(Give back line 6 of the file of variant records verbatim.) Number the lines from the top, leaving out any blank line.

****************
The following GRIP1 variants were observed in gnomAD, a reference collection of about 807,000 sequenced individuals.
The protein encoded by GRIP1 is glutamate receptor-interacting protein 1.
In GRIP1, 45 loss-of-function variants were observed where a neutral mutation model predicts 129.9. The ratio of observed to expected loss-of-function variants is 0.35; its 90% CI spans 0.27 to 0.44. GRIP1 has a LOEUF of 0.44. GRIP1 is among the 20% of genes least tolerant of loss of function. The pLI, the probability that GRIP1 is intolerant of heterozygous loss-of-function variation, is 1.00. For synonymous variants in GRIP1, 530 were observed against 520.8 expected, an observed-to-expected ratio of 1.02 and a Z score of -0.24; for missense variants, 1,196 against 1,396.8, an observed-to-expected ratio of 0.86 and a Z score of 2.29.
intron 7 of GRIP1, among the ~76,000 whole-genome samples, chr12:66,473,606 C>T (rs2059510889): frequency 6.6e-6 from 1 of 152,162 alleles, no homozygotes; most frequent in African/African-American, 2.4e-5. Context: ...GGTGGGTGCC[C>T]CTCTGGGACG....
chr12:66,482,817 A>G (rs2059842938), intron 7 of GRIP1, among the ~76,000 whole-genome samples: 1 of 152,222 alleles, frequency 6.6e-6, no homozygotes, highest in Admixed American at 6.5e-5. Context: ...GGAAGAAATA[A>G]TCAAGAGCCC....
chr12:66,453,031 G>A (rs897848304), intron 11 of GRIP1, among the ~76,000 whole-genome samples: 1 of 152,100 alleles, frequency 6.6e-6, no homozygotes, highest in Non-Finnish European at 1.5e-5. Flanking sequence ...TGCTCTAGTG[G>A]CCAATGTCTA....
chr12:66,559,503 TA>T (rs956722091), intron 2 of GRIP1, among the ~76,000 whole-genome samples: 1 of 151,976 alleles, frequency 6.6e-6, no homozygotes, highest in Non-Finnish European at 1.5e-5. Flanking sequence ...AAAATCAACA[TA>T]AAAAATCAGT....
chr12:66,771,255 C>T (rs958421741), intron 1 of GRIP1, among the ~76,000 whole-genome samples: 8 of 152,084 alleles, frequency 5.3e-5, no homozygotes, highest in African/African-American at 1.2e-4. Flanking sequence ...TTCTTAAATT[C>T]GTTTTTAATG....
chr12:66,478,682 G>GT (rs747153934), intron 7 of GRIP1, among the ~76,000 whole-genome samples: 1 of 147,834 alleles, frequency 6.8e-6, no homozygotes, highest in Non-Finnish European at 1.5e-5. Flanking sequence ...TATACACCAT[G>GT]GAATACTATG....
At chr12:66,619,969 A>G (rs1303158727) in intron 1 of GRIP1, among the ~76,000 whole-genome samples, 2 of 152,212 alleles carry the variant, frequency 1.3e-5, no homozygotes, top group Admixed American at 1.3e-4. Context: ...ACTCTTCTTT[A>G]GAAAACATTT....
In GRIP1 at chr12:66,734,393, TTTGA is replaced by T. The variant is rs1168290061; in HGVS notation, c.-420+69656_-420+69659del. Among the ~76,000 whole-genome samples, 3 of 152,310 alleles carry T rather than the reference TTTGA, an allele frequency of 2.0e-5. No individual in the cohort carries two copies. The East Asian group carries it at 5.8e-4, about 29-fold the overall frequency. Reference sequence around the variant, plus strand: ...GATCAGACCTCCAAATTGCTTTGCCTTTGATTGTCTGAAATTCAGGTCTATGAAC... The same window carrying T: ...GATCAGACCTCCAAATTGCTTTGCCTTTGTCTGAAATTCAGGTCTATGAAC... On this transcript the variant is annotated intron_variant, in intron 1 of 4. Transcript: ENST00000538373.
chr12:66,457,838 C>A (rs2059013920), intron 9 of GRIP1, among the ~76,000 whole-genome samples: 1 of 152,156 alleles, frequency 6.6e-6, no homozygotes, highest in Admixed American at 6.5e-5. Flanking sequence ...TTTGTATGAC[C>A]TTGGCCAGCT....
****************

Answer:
chr12:66,453,031 G>A (rs897848304), intron 11 of GRIP1, among the ~76,000 whole-genome samples: 1 of 152,100 alleles, frequency 6.6e-6, no homozygotes, highest in Non-Finnish European at 1.5e-5. Flanking sequence ...TGCTCTAGTG[G>A]CCAATGTCTA....